888 Holdings Challenges German Federal Court Over Right to Operate Online

Posted on: April 10, 2018, 10:30h. 

Last updated on: April 10, 2018, 10:57h.

888 Holdings will challenge a German federal court ruling that ordered its German-language subsidiary to cease offering online gaming in the southwestern state of Baden Württemberg.

Itai Frieberger’s 888 to challenge German court ruling
888 CEO Itai Frieberger said that the German federal court ruling had troubling repercussions for his company’s operations throughout Germany. 888 will challenge the judgment on the grounds that it infringed its constitutional rights and its right to provide cross-border services under EU law. (Image: Gaming Intelligence)

The November ruling caused the company to consider leaving Germany entirely. At its most recent earnings call last month, 888 Holdings’ CEO Itai Frieberger said that while the court’s judgment ostensibly related only to one state, it could have repercussions for its operations throughout the country.

He said it included “general findings of law upholding the prohibition on offering online gaming in Germany under the German Inter-State Gambling Treaty” and would be likely to embolden other states to crack down on unlicensed operators. The German market accounts for just under 10 percent of 888’s revenues.

But in a market update on Monday, the company said it has chosen to stand and fight. It’s filed a constitutional complaint in the German Federal Constitutional Court, claiming the ruling infringed on its constitutional rights, as well as its right to provide cross-border services under EU law.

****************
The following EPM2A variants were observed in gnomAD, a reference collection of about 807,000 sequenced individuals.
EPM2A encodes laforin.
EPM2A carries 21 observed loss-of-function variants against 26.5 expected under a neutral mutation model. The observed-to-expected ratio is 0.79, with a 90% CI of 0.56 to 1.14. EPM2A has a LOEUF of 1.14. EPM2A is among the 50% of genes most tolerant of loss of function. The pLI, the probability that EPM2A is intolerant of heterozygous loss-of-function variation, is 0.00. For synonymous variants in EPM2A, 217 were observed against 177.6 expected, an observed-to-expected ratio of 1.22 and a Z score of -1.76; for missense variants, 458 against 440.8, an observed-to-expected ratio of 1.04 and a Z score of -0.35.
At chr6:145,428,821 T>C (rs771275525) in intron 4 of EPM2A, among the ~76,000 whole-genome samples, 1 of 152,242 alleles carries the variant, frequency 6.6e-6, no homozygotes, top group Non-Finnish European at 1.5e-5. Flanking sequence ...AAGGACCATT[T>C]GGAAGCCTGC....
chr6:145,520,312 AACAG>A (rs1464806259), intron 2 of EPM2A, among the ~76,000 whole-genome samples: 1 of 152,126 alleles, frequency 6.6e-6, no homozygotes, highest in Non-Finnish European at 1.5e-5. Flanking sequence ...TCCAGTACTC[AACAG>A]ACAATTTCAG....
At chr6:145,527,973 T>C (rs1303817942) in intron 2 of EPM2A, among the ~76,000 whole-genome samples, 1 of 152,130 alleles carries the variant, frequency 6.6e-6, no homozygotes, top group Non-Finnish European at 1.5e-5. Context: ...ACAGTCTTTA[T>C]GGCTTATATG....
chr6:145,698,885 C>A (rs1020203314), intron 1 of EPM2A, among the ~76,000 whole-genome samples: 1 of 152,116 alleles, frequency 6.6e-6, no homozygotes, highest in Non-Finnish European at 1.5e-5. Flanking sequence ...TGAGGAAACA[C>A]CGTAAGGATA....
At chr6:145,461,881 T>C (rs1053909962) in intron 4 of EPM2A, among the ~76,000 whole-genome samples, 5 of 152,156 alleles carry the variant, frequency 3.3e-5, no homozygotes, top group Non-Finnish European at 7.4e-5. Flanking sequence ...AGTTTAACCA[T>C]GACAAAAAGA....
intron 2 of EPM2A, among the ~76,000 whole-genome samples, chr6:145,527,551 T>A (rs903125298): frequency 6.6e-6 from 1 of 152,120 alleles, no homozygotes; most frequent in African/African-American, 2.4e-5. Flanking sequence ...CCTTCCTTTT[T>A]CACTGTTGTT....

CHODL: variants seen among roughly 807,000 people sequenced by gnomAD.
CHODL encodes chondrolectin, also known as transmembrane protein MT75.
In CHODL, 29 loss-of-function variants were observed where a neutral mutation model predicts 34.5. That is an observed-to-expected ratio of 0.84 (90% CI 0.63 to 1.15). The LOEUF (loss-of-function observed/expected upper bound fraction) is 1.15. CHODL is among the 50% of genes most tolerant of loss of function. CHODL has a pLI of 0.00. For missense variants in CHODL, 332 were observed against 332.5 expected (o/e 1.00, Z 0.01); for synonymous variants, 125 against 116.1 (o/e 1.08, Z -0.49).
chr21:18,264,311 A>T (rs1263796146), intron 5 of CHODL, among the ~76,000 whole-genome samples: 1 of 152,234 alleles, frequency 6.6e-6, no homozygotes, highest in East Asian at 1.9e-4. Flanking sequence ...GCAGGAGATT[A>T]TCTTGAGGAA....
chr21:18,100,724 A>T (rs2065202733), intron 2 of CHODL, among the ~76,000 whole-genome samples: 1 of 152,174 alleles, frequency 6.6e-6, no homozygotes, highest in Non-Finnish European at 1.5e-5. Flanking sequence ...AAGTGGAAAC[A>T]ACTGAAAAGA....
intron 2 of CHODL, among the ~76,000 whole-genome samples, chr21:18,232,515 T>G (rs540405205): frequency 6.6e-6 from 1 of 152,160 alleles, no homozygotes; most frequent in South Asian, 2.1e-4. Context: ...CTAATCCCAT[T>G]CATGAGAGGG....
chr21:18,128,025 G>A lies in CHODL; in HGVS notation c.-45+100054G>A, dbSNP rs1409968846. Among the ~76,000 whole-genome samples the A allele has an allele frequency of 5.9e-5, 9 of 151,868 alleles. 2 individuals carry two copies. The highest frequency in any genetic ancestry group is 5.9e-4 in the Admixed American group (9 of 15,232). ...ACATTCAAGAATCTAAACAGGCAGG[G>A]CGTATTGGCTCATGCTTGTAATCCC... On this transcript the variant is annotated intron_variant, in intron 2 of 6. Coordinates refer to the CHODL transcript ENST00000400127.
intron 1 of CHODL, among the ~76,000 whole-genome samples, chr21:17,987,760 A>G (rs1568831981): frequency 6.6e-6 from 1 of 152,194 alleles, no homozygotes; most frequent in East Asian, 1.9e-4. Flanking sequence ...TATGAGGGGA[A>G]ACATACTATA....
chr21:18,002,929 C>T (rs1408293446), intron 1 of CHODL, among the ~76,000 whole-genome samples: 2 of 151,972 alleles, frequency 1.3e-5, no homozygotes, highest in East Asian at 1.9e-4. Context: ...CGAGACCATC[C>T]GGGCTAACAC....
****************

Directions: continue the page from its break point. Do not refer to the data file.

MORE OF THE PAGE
Right Fight

Online gambling operators with a license to operate from an EU member state have long believed that Article 56 of the Treaty and Functioning of the European Union enshrines their freedom to offer services to other EU members, unless gambling is specifically banned in that country.

Germany’s Interstate Gambling Treaty of 2012 upheld the state’s gambling monopoly, while giving individual states the opportunity to regulate online gaming if they wished. Only one German state, Schleswig-Holstein, legislated to license online gaming, but it repealed the law the following year after a change in government.

In 2016, the Court of Justice for the European Union ruled that Germany could not impose penalties on online gambling companies operating without a specific German license, because it was not possible for a company regulated in another EU member state to obtain a German license.

Protectionist Gambling Monopoly

In the past, the European Commission has sanctioned protectionist states that maintain gambling monopolies at the expense of cross-border services, but its attitude on this appears to have cooled. In December, the commission announced it was dropping all existing infringement procedures against member states related to online gambling.

888 — which is licensed in Gibraltar — recently announced it would apply for a license in Malta because of uncertainties surrounding the UK’s (and by extension Gibraltar’s) departure from the EU.

For 888 to successfully challenge the ruling in Germany, it’s crucial that it maintains a license in an EU country during what may prove to be a protracted legal process.